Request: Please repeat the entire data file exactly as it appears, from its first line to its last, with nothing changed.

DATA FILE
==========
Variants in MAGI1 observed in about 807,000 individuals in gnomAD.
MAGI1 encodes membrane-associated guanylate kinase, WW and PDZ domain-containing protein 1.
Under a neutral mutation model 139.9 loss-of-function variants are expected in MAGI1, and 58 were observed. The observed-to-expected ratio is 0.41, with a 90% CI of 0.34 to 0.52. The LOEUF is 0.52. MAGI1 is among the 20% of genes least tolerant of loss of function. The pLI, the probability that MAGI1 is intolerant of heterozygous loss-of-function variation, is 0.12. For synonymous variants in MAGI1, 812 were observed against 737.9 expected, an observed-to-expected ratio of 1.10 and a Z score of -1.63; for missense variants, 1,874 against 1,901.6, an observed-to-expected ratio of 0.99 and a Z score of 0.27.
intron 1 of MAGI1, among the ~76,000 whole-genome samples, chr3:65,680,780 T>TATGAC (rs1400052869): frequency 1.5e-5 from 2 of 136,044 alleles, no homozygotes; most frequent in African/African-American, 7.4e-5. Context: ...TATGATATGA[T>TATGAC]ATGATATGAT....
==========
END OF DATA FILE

Variants in MAGI1 observed in about 807,000 individuals in gnomAD.
MAGI1 encodes membrane-associated guanylate kinase, WW and PDZ domain-containing protein 1.
Under a neutral mutation model 139.9 loss-of-function variants are expected in MAGI1, and 58 were observed. The observed-to-expected ratio is 0.41, with a 90% CI of 0.34 to 0.52. The LOEUF is 0.52. MAGI1 is among the 20% of genes least tolerant of loss of function. The pLI, the probability that MAGI1 is intolerant of heterozygous loss-of-function variation, is 0.12. For synonymous variants in MAGI1, 812 were observed against 737.9 expected, an observed-to-expected ratio of 1.10 and a Z score of -1.63; for missense variants, 1,874 against 1,901.6, an observed-to-expected ratio of 0.99 and a Z score of 0.27.
intron 1 of MAGI1, among the ~76,000 whole-genome samples, chr3:65,680,780 T>TATGAC (rs1400052869): frequency 1.5e-5 from 2 of 136,044 alleles, no homozygotes; most frequent in African/African-American, 7.4e-5. Context: ...TATGATATGA[T>TATGAC]ATGATATGAT....